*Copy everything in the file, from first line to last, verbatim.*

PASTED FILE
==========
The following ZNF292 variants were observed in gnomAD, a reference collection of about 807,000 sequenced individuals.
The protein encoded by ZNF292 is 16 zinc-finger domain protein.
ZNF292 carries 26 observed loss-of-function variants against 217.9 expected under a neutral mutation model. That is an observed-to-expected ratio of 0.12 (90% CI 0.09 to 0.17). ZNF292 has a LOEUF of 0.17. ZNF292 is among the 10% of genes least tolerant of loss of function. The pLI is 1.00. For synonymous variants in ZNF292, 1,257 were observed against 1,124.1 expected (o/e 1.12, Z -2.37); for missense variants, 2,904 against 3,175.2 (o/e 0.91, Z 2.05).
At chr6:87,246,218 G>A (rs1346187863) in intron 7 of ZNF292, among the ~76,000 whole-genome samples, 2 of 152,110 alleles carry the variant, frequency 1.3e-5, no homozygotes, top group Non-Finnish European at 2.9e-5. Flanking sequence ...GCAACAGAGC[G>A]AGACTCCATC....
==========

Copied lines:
The following ZNF292 variants were observed in gnomAD, a reference collection of about 807,000 sequenced individuals.
The protein encoded by ZNF292 is 16 zinc-finger domain protein.
ZNF292 carries 26 observed loss-of-function variants against 217.9 expected under a neutral mutation model. That is an observed-to-expected ratio of 0.12 (90% CI 0.09 to 0.17). ZNF292 has a LOEUF of 0.17. ZNF292 is among the 10% of genes least tolerant of loss of function. The pLI is 1.00. For synonymous variants in ZNF292, 1,257 were observed against 1,124.1 expected (o/e 1.12, Z -2.37); for missense variants, 2,904 against 3,175.2 (o/e 0.91, Z 2.05).
At chr6:87,246,218 G>A (rs1346187863) in intron 7 of ZNF292, among the ~76,000 whole-genome samples, 2 of 152,110 alleles carry the variant, frequency 1.3e-5, no homozygotes, top group Non-Finnish European at 2.9e-5. Flanking sequence ...GCAACAGAGC[G>A]AGACTCCATC....